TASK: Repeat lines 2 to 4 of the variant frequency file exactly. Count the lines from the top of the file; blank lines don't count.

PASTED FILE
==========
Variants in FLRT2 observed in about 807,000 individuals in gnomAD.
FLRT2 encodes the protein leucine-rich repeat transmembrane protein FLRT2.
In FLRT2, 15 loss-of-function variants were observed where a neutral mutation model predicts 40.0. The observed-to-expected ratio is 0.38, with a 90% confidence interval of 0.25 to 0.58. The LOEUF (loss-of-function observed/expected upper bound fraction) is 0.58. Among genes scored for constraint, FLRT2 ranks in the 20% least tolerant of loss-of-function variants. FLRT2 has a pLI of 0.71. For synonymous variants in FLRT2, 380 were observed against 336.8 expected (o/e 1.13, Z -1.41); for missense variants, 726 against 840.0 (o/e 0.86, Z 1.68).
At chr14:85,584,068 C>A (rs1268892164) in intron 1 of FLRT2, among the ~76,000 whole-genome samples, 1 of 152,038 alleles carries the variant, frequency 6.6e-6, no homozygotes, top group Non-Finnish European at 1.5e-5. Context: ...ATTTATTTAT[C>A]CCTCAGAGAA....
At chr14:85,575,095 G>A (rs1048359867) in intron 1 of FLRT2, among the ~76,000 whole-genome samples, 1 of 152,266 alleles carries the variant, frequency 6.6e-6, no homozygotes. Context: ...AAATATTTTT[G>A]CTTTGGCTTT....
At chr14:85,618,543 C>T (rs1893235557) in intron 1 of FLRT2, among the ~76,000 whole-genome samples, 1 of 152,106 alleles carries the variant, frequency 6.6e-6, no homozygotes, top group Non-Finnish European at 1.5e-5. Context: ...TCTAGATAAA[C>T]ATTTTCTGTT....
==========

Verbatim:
FLRT2 encodes the protein leucine-rich repeat transmembrane protein FLRT2.
In FLRT2, 15 loss-of-function variants were observed where a neutral mutation model predicts 40.0. The observed-to-expected ratio is 0.38, with a 90% confidence interval of 0.25 to 0.58. The LOEUF (loss-of-function observed/expected upper bound fraction) is 0.58. Among genes scored for constraint, FLRT2 ranks in the 20% least tolerant of loss-of-function variants. FLRT2 has a pLI of 0.71. For synonymous variants in FLRT2, 380 were observed against 336.8 expected (o/e 1.13, Z -1.41); for missense variants, 726 against 840.0 (o/e 0.86, Z 1.68).
At chr14:85,584,068 C>A (rs1268892164) in intron 1 of FLRT2, among the ~76,000 whole-genome samples, 1 of 152,038 alleles carries the variant, frequency 6.6e-6, no homozygotes, top group Non-Finnish European at 1.5e-5. Context: ...ATTTATTTAT[C>A]CCTCAGAGAA....